Oh, What a Relief It Ain’t
- US gasoline stocks still moving lower
- Proposed limits on gasoline exports could be contradictory
- New gasoline supply from refineries seems unlikely
- LNG exports from Freeport need a home domestically.
Alan Levine, Chairman
Relief at the gas pump is an imperative for the Biden administration. It could also help consumers, for whom gasoline prices take a bigger piece of the family paycheck than they did in January 1998. (Last week, we discussed the situation now, in which gasoline is more than 1.5 times as large a share of disposable income per capita as nearly 25 years ago, despite advances in technology.)
Current statistics suggest it will take more than an Alka-Seltzer to bring relief.
Gasoline stocks continued their downward trajectory during the week ended June 10. Inventories of gasoline fell on the US East Coast and were unchanged elsewhere in the country.
The situation on the US East Coast is becoming more difficult for drivers at a time when inventories are typically on the rise.
PADD I (East Coast), with small refinery capacity anyway, supplements supply by imports. Last week, however, gasoline imports to PADD I fell by more than 40% to 635.000 barrels per day. And last year imports reached 1.1 million barrels daily for the comparable week.
Refining has added to the problem. Facilities are operating at 98.3% of capacity already, an ultimately unsustainable level. Nationally, refinery use was 93.7% of capacity, slightly lower than the previous week. However, the shortage of refinery capacity is a global problem, with more than 3 million barrels per day (bpd) offline since the onset of the pandemic.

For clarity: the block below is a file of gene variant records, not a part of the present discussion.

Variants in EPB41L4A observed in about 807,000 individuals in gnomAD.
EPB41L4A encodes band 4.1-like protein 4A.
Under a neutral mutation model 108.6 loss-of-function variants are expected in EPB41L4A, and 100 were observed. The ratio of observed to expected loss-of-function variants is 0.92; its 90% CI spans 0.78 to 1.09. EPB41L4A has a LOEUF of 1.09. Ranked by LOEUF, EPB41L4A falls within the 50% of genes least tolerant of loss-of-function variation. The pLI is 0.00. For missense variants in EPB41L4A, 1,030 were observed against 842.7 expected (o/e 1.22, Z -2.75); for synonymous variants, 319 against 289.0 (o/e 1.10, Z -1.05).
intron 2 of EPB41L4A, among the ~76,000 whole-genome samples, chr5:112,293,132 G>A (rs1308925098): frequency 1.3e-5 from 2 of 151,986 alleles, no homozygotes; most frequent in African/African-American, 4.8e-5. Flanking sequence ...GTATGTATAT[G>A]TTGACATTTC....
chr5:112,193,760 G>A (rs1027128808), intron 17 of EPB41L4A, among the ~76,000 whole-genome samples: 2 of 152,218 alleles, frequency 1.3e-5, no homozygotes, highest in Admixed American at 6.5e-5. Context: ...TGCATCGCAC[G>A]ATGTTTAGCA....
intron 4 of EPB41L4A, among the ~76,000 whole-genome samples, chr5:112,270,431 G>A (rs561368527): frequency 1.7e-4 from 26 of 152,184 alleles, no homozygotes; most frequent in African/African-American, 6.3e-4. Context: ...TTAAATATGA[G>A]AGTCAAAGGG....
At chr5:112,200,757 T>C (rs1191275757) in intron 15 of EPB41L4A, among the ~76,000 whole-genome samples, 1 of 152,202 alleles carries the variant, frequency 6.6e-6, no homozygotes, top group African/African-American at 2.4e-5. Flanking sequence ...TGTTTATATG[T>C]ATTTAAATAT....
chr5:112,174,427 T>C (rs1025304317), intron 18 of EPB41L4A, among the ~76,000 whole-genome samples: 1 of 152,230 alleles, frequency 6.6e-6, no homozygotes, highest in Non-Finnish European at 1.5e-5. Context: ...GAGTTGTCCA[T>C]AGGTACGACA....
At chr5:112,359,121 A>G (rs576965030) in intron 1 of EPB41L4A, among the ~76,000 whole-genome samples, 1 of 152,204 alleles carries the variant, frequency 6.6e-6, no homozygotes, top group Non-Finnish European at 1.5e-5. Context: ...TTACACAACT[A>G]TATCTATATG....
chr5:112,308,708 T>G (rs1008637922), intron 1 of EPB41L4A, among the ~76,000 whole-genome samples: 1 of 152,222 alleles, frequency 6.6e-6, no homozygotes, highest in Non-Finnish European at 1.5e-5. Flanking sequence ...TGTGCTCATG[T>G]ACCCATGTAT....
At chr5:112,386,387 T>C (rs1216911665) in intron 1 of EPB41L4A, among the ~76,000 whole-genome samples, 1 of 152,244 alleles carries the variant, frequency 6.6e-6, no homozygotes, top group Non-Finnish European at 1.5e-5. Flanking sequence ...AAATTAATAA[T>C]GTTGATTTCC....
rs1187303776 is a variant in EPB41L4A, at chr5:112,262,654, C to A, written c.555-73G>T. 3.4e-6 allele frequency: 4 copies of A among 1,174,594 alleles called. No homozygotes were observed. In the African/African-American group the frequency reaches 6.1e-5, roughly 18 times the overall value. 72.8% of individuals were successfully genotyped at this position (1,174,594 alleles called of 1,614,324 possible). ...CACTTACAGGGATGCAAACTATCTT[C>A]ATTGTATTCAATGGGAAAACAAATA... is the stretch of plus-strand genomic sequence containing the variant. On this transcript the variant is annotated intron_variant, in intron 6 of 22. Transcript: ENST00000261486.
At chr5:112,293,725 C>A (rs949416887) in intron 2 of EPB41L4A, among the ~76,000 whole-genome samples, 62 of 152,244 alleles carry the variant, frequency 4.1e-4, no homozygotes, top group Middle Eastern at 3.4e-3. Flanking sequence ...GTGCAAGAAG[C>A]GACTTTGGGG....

Trade sources have been buzzing about the possibility of restricting exports of gasoline and diesel as one way to provide supply and restrain the price of gasoline. (Emergency use of the Defense Production Act is reportedly available for the government’s use.)
No date for implementation of a limit has been proposed. Nevertheless, it has raised objections because of conflicts with other national priorities. These include commitments to assist EU with enough energy in light of Ukraine. Environmental efforts could be at stake too. These include waiver of anti-pollution rules requiring low RVP in the summer. Blenders might be allowed to use butane, a lower-cost blend stock.
Supply/demand data in the United States for the week ended June 10, 2022, were released by the Energy Information Administration.
Total commercial stocks of petroleum grew 11 million barrels during the week ended June 10, 2022.
Commercial crude oil supplies in the United States increased by 2 million barrels from the previous report week to 418.7 million barrels.
Crude oil inventory changes by PAD District:
PADD 1: Minus 0.1 million barrels to 7.3 million barrels
PADD 2: Minus 1.4 million barrels to 102.4 million barrels
PADD 3: Plus 2.0 million barrels to 237.4 million barrels
PADD 4: Down 0.3 million barrels to 25 million barrels
PADD 5: Plus 1.8 million barrels to 46.9 million barrels
Cushing, Oklahoma, inventories were down 0.8 million barrels from the previous report week to 22.6 million barrels.